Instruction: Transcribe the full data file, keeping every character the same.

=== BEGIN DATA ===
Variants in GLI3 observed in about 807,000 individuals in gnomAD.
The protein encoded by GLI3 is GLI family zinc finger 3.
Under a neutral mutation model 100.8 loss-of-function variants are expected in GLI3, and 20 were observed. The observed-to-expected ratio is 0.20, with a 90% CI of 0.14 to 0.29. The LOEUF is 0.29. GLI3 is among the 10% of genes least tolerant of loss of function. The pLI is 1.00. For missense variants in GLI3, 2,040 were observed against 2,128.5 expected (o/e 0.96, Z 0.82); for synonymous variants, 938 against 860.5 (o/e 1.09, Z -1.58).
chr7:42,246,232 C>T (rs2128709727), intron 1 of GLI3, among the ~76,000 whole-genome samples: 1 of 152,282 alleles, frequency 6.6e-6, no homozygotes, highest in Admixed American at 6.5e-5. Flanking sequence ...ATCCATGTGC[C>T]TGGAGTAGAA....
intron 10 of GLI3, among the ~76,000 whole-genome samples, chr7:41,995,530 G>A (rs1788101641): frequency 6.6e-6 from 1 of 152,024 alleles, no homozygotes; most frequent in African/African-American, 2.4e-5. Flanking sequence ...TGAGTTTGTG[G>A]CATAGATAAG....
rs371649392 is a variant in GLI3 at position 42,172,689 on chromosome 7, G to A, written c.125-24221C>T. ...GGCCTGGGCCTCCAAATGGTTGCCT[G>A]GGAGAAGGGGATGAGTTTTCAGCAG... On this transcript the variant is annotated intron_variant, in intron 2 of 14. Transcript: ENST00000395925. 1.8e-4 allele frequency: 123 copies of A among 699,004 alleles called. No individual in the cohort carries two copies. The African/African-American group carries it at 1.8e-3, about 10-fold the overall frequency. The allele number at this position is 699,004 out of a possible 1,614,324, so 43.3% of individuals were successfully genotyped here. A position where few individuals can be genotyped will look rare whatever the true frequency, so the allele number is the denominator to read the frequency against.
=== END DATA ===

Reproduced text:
Variants in GLI3 observed in about 807,000 individuals in gnomAD.
The protein encoded by GLI3 is GLI family zinc finger 3.
Under a neutral mutation model 100.8 loss-of-function variants are expected in GLI3, and 20 were observed. The observed-to-expected ratio is 0.20, with a 90% CI of 0.14 to 0.29. The LOEUF is 0.29. GLI3 is among the 10% of genes least tolerant of loss of function. The pLI is 1.00. For missense variants in GLI3, 2,040 were observed against 2,128.5 expected (o/e 0.96, Z 0.82); for synonymous variants, 938 against 860.5 (o/e 1.09, Z -1.58).
chr7:42,246,232 C>T (rs2128709727), intron 1 of GLI3, among the ~76,000 whole-genome samples: 1 of 152,282 alleles, frequency 6.6e-6, no homozygotes, highest in Admixed American at 6.5e-5. Flanking sequence ...ATCCATGTGC[C>T]TGGAGTAGAA....
intron 10 of GLI3, among the ~76,000 whole-genome samples, chr7:41,995,530 G>A (rs1788101641): frequency 6.6e-6 from 1 of 152,024 alleles, no homozygotes; most frequent in African/African-American, 2.4e-5. Flanking sequence ...TGAGTTTGTG[G>A]CATAGATAAG....
rs371649392 is a variant in GLI3 at position 42,172,689 on chromosome 7, G to A, written c.125-24221C>T. ...GGCCTGGGCCTCCAAATGGTTGCCT[G>A]GGAGAAGGGGATGAGTTTTCAGCAG... On this transcript the variant is annotated intron_variant, in intron 2 of 14. Transcript: ENST00000395925. 1.8e-4 allele frequency: 123 copies of A among 699,004 alleles called. No individual in the cohort carries two copies. The African/African-American group carries it at 1.8e-3, about 10-fold the overall frequency. The allele number at this position is 699,004 out of a possible 1,614,324, so 43.3% of individuals were successfully genotyped here. A position where few individuals can be genotyped will look rare whatever the true frequency, so the allele number is the denominator to read the frequency against.